Monthly Archive for July, 2009

Every Silver Lining

by Cherri Randall

There is a new girl sitting in the circle, and Marcy takes some kind of perverse delight in seeing if she can scare them off or get them to cry on the first day.  The counselor never arrives earlier than fifteen minutes late, which means Marcy has ten minutes.  She could almost run off the veterans, so a rookie hardly stands a chance.  Marcy takes one glance at the new chick, which means she sees everything it would take a normal person several moments to absorb.  The new chick is some kind of walking advertisement for Gucci and Armani and smells like real Giorgio, not that imitation stuff in the yellow bottles from Wal-Mart.  The thing that will set Marcy off will be the new chick’s nails.  They are perfectly manicured and they’re real.  They aren’t thick enough to be acrylic.  Marcy is a nail biter.  Sometimes when everyone else is bawling or screaming the counselor will get this look on her face like she wants to tear her hair out.  Marcy is never part of the fray.  But once in a while she will be biting her nails, and sometimes it will be so bad she can’t get them to stop bleeding.

”Did you guys hear about the kid in South Carolina?”

One thing the group knows about Marcy is that resistance is futile.  They will be assimilated.  Nora looks at Marcy.  “What happened?”


Midwife-doctor relationship

Here’s an interesting article on how doctors perceive midwives and home births. As the study reveals, birth has become a highly politicized topic, and the decision to give birth outside of the hospital is often seen as a dangerous decision–despite the fact that women have safely been giving birth outside of hospitals for thousands of years. The American Medical Association has officially come out against home birth, while midwives insist that home births are statistically safer than giving birth in a hospital.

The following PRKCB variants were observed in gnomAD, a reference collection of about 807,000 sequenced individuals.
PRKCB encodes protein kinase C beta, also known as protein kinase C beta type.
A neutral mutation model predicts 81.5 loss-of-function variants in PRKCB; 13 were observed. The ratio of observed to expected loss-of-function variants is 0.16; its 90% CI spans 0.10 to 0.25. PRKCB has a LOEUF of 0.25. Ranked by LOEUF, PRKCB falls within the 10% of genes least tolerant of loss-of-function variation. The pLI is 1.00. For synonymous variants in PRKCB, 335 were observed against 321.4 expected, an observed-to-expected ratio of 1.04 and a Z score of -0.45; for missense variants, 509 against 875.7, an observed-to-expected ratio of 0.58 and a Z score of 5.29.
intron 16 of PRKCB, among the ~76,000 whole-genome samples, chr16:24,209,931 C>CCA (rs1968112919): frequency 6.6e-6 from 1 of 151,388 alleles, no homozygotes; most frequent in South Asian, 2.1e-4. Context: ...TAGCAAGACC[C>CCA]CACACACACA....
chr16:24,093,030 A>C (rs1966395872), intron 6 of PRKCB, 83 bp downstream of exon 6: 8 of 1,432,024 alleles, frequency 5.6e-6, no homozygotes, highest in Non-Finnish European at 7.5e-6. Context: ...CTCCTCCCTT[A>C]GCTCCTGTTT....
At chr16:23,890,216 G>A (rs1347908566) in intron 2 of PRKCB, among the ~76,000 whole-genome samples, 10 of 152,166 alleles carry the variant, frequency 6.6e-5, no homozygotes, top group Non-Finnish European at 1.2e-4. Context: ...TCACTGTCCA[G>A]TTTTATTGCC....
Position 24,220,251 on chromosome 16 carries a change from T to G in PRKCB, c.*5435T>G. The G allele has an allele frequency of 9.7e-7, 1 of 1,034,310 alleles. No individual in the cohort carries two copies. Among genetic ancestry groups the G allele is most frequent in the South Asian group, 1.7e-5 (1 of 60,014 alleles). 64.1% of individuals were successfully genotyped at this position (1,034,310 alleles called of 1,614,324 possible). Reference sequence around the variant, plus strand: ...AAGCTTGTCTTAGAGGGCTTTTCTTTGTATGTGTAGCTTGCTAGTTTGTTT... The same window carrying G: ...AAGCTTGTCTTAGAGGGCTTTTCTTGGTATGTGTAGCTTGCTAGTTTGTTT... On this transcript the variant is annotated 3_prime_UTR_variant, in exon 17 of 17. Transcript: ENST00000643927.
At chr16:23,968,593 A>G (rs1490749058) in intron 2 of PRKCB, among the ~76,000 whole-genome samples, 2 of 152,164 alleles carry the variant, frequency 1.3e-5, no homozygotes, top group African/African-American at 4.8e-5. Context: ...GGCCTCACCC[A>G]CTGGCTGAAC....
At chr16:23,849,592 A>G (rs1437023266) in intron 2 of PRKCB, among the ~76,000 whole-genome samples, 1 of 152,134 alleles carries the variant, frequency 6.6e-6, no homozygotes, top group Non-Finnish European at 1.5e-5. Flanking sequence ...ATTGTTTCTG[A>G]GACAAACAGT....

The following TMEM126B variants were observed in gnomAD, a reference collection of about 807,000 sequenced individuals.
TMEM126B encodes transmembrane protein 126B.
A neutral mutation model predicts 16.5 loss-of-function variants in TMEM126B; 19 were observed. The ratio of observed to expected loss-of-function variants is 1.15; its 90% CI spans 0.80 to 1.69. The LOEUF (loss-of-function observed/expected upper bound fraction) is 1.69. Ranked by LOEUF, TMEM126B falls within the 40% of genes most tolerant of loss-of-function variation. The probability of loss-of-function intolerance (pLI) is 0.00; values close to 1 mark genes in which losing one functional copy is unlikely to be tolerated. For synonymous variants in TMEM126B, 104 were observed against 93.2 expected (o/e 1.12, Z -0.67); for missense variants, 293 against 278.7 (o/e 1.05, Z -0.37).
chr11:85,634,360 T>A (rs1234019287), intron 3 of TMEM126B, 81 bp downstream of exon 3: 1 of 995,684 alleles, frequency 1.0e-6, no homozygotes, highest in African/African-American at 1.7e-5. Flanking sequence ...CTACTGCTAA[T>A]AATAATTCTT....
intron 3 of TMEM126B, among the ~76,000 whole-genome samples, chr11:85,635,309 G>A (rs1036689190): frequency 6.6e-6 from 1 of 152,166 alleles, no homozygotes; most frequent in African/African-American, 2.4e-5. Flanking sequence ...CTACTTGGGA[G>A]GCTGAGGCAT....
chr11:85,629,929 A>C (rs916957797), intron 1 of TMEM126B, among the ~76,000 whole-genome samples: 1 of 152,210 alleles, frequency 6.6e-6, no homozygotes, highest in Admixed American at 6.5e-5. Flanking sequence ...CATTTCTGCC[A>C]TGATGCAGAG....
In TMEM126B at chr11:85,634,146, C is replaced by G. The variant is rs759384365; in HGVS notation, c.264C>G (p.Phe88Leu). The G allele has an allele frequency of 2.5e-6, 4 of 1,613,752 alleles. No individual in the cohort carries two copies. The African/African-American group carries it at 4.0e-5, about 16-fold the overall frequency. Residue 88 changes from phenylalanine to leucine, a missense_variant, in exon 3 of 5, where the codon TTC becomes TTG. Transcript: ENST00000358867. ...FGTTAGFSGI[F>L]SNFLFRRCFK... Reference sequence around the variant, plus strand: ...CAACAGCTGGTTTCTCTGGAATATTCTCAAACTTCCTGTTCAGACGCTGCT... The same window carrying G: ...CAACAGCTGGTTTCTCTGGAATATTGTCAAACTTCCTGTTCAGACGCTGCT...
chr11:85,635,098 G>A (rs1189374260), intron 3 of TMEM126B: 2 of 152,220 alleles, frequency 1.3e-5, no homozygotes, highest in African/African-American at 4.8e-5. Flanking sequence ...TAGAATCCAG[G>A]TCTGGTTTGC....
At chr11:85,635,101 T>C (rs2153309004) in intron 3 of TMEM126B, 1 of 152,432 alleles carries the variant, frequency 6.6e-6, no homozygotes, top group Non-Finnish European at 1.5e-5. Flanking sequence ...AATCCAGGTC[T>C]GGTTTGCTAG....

The Birth Mother

by Kelsey Gray

Editor’s Note: The birth mother is often the forgotten (or deliberately ignored) story in the adoption triad.  We’re pleased to be able to offer something in this ezine to help rectify that.

When I held you, your face

red and your hair matted,

small curled up body slick

with the effort of being born;

you screwed up your face and cried,

softly, your voice quieter

than I had expected, your expectations

lower than I had hoped. You gave up


The Adopted Daughter at Last Comes Home

Our latest, an adoption reunification poem by Chris Weygandt Alba…

She arrives on a jet from Wichita.

She throws her baggage in a heap

and lights a cigarette. She waits.


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Four Questions and a Scar

a personal essay

by Adrienne Ross

The scar is almost gone.  Softened, pink, once a crimson line atop my pubic hair, much of it has slipped under my skin. It was through this opening that a murky mass seen in sonogram tests was revealed as endometriosis.  I was 38, and believed myself healthy until a routine examination led weeks later to surgery.  What was cut away was the shreds of my left ovary and fallopian tube.  What remained was a desire to have a child that expanded into its own fullness as my chances of becoming a mother dissipated.


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